- With a view to providing a map of forest philanthropy, the Environmental Funders Network’s Forest Funders Group – an affinity group for foundations focused on forest conservation – has developed a methodology for describing forest grants by geography, focal issue, and approach.
- The mapping has been piloted on grants data submitted by five European-based foundations that made 652 grants between them in the study period (2011 to 2015), averaging £3.1m per year.
- Although this captures just a fraction of the forest grants made worldwide, it yields tantalising points for reflection.
- This post is a commentary. The views expressed are those of the author, not necessarily Mongabay.
“If you don’t know where you’re going, you’ll end up someplace else.” So said US baseball legend Yogi Berra, on the importance of having a goal in sight and a map for getting there. Those of us engaged in forest philanthropy — the investment of grants with the aim of protecting and replenishing the world’s forests — have well-formed ideas about the best places in which to seek change. Some funders focus on policy reform, others on shifting commodity supply chains, empowering communities, or direct conservation.
All of these approaches are valid. They and others besides will be needed to roll back deforestation. But if we accept it is possible to do too much of one thing and too little of another, or that some change-making activities are simply more reliant on philanthropic finance (adversarial campaigns or anything ‘too political’ being a case in point), we see that grant-makers would be wise to reference their strategies against choices made by other donors.
What is the flow of grant finance around specific issues, forest regions, and theories of change? Where do gaps and opportunities lie? How do forest programmes operated by foundations and governments compare? The total dollar value of forest philanthropy is much smaller than that associated with government-backed climate and development funds. But foundation grants can pack good bang for the buck — get it right and you maximise philanthropy’s potential for taking risks, building movements and pioneering change; get it less right and you could end up subsidising work that is already well-funded elsewhere.
A working knowledge of the grants market seems important if we are to lean towards effective philanthropy. But as it stands, forest grants are poorly mapped compared to the forest-related spending of government donors (including REDD+ pledges tracked at Climate Funds Updates) or the voluntary carbon market (tracked by Forest Trends).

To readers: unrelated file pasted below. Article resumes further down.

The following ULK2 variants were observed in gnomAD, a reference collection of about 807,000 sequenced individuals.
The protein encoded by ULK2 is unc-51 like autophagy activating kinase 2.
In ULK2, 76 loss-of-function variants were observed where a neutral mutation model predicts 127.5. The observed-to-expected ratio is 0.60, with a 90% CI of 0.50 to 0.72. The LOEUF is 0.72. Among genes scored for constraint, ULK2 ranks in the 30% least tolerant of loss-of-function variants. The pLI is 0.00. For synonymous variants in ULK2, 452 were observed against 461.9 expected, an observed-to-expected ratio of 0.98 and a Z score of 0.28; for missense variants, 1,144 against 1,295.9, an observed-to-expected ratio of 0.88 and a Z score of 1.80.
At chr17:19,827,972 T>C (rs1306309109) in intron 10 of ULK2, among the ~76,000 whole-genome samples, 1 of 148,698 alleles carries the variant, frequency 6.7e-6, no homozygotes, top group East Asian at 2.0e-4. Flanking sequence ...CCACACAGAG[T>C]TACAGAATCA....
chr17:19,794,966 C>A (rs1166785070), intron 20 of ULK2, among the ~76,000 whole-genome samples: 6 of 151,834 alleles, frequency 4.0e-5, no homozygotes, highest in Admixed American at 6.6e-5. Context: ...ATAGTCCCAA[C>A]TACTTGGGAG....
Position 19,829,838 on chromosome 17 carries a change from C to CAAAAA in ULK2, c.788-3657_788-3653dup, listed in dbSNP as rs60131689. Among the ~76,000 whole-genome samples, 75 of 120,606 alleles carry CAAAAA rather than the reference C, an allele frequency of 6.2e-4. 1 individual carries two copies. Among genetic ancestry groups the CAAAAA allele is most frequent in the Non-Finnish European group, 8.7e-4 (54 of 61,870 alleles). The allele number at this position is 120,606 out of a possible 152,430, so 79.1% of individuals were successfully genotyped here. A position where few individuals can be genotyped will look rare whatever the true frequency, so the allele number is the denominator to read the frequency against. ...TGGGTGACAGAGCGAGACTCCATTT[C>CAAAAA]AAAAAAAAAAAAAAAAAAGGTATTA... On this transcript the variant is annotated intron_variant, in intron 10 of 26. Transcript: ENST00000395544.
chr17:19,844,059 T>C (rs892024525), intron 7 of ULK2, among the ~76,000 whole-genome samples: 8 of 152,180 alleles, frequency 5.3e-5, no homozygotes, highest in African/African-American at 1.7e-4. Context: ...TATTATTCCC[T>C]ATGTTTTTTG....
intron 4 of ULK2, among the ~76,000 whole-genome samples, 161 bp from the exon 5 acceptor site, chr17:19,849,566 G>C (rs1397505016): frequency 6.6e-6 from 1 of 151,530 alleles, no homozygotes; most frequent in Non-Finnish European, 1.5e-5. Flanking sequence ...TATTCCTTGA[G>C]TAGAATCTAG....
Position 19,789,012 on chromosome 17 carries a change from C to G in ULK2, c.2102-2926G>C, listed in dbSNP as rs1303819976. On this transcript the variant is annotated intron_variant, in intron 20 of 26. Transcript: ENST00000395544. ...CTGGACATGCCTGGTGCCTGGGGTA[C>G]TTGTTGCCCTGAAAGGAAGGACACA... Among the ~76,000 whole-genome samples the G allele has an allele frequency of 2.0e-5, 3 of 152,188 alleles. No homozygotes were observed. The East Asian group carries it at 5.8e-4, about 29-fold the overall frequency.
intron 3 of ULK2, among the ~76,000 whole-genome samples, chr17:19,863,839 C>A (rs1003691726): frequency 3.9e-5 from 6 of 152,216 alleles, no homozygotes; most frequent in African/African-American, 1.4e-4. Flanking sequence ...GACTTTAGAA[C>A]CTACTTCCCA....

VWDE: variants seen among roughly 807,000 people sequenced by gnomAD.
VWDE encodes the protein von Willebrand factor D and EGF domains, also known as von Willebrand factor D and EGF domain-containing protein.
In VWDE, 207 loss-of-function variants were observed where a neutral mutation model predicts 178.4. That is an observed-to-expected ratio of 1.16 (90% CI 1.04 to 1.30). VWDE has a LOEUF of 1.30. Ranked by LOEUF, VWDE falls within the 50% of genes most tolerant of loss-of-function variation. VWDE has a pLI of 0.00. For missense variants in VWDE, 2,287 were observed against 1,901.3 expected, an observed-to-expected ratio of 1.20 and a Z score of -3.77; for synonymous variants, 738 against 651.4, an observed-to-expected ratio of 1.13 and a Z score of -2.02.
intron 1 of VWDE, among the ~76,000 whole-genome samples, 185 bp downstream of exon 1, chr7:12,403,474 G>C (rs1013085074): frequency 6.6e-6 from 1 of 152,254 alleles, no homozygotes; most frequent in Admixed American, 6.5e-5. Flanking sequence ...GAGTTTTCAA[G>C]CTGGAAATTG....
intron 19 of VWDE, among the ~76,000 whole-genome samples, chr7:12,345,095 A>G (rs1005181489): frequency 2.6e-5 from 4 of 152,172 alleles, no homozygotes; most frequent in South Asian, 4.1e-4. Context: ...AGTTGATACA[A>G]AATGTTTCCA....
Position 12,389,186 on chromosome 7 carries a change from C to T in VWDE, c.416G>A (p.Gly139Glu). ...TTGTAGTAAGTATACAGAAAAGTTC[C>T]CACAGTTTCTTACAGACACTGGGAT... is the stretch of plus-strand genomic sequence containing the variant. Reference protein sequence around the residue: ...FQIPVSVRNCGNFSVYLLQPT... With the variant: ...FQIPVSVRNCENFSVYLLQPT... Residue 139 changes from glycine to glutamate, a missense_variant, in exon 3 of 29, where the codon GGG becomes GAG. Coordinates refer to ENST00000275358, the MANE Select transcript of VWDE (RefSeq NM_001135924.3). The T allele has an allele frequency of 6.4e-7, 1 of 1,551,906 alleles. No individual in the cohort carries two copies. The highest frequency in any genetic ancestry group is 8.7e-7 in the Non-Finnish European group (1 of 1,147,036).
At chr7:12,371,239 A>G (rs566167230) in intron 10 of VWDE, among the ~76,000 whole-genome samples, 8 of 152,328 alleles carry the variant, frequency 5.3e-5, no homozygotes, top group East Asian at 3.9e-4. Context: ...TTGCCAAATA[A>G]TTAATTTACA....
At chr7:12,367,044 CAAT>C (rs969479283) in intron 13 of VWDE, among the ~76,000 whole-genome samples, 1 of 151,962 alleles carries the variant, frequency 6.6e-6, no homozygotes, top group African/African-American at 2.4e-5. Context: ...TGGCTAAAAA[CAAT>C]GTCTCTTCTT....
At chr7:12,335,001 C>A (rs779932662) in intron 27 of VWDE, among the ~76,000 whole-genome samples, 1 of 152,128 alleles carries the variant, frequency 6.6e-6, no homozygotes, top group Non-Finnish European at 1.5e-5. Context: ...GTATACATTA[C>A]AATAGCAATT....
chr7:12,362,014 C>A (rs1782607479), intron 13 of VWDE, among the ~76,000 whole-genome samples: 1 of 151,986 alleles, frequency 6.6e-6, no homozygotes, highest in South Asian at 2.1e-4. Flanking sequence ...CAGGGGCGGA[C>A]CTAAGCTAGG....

With a view to providing a map of forest philanthropy, the Environmental Funders Network’s Forest Funders Group — an affinity group for foundations focused on forest conservation — has developed a methodology for describing forest grants by geography, focal issue, and approach. The mapping has been piloted on grants data submitted by five European-based foundations that made 652 grants between them during the study period (2011 to 2015), averaging £3.1m per year. (Full disclosure: I am a grants manager at JMG Foundation, one of the foundations included in the forest philanthropy mapping, and a committee member of the Environmental Funders Network.) Although this captures just a fraction of the forest grants made worldwide, it yields tantalising points for reflection, and we aim to run the mapping on a larger group of foundations this year.
The picture that emerges shows great variability between foundations, in terms of spending, investment priorities, and grantees. Overall spend is dominated by a small number of large grants (in this case, including four £1m+ awards), followed by a goodly chunk of funds in the £20,000 to £200,000 bracket, with a long tail of smaller grants (including 470 of less than £5,000 within this sample).
The five foundations dispersed funding to grantees based in 67 countries in total. More than half of these countries received less than one grant per year of the study period, via organisations based there (not counting grants directed to these countries but made via organisations headquartered elsewhere). By far the most grant spend (£12.4m, or 80 percent) accrued to large organisations headquartered in the UK and US, the majority of it geared towards protecting forests in tropical countries. This included work directly in those countries (such as training conservation leaders or developing sustainable livelihoods) and work geared towards international policy and markets (such as reforming the supply chain of forest-risk commodities).